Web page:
UWinnipeg offering its first Men’s Studies course

Unique offering examines myths, theories of boys & men

WINNIPEG, MB – The University of Winnipeg is presenting students a unique learning opportunity by offering its first Men’s Studies course. The University is encouraging students to be part of history, watch films and learn about masculinity in a condensed full course taught in the Winter term of 2010. The course details are:

Boys, Men, and Popular Culture: Filmed Genders

WGS-2258/6, second year course, no prerequisites

Mondays and Wednesdays, 2:30-5:15, 3M62

Men’s studies emerged as early as the 1970s, in dialogue with both women’s studies and the men’s rights movement. Recognizing that women’s studies hadn’t engaged with the gendered construction of masculinity, and that the men’s rights movement failed to recognize masculinity’s complex relation to power, men’s studies came forth to fill the gap.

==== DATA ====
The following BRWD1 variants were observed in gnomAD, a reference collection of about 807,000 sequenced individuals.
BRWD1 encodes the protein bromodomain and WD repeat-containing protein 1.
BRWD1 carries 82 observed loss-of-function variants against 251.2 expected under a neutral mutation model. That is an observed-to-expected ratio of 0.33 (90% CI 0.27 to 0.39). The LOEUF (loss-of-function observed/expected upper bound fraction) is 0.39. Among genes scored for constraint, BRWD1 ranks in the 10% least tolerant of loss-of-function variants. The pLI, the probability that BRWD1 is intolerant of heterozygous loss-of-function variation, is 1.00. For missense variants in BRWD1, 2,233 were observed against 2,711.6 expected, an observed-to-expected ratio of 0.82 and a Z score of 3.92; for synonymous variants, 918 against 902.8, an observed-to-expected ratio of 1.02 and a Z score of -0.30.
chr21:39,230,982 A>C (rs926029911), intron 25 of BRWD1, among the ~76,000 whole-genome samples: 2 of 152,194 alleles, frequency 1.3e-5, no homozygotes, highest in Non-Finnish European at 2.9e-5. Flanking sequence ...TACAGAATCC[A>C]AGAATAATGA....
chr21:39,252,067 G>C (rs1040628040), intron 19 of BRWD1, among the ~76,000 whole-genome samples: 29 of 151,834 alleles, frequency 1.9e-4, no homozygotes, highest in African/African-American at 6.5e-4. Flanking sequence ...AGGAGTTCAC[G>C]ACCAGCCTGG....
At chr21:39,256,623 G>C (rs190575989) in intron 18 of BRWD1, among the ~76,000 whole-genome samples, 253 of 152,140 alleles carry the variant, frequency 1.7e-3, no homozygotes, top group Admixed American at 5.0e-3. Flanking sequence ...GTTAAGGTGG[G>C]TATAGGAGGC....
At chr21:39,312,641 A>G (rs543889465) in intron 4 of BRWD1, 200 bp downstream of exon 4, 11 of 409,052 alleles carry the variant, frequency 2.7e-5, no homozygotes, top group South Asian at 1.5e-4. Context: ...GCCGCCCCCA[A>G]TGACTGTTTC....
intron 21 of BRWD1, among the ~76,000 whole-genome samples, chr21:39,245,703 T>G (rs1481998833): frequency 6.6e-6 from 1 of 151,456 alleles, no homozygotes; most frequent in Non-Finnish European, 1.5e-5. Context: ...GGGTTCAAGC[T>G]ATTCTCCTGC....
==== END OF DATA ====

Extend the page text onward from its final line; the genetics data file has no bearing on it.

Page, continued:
“When Women’s Studies became Women’s and Gender Studies several years ago, we incorporated perspectives from men’s studies into our courses, but this is the first time we have devoted a course specifically to the area,” said Professor Pauline Greenhill, who is teaching the course.

This course examines myths, theories, and images of boys and men that shape how they are represented and how they represent themselves in popular culture, particularly in feature films. Using feminist, queer, trans, and cultural studies theory, as well as men’s studies perspectives, we will look at how political and material conditions influence representation, and vice versa. We will focus on North American masculinities, examining gender, race, class, age, sexuality, nationality, ethnicity, ability and other categories of identity.

Greenhill and guest lecturers from across the University including Peace and Conflict Studies, Economics, and Criminal Justice Studies, as well as experts from the community, will look at westerns, comedies, action, science fiction and other genres. Topics addressed will include work, relationships, boyhood and violence.

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